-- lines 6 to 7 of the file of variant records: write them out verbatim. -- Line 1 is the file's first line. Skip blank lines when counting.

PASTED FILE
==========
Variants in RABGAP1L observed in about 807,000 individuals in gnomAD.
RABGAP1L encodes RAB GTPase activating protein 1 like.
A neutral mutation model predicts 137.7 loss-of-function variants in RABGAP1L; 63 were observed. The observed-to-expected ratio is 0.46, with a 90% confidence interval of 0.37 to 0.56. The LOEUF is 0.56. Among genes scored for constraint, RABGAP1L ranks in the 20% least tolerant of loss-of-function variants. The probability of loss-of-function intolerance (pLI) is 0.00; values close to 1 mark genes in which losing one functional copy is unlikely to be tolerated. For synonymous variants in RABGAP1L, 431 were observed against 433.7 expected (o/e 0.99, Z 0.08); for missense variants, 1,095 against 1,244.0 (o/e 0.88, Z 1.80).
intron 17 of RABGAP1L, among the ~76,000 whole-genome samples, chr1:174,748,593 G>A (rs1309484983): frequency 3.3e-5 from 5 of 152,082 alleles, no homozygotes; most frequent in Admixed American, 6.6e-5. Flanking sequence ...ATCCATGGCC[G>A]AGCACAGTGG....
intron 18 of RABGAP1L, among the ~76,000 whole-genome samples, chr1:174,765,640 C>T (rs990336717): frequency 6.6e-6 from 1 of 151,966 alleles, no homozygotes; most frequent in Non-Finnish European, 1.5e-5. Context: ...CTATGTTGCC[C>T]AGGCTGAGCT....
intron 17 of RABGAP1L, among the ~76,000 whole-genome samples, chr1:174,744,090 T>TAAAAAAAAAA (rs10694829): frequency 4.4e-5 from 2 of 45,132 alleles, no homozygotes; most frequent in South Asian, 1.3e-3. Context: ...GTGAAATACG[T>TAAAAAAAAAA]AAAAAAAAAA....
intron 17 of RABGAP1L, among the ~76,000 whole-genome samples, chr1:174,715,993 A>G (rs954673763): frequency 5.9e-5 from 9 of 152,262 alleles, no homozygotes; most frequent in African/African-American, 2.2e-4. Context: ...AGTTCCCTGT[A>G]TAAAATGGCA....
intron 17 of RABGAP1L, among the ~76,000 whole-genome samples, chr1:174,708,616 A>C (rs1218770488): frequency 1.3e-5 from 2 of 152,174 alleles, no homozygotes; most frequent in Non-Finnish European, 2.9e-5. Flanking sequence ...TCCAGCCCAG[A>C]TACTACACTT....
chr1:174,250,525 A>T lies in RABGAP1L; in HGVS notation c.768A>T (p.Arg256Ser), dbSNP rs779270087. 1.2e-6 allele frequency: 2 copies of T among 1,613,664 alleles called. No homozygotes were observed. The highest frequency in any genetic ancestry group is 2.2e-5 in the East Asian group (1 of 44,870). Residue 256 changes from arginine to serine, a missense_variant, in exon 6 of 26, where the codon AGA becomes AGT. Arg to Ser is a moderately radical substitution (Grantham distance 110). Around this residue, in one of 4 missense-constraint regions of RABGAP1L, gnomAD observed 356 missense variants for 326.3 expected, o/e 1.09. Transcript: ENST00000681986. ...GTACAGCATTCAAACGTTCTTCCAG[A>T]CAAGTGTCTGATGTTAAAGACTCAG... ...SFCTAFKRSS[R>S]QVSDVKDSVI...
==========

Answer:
intron 17 of RABGAP1L, among the ~76,000 whole-genome samples, chr1:174,744,090 T>TAAAAAAAAAA (rs10694829): frequency 4.4e-5 from 2 of 45,132 alleles, no homozygotes; most frequent in South Asian, 1.3e-3. Context: ...GTGAAATACG[T>TAAAAAAAAAA]AAAAAAAAAA....
intron 17 of RABGAP1L, among the ~76,000 whole-genome samples, chr1:174,715,993 A>G (rs954673763): frequency 5.9e-5 from 9 of 152,262 alleles, no homozygotes; most frequent in African/African-American, 2.2e-4. Context: ...AGTTCCCTGT[A>G]TAAAATGGCA....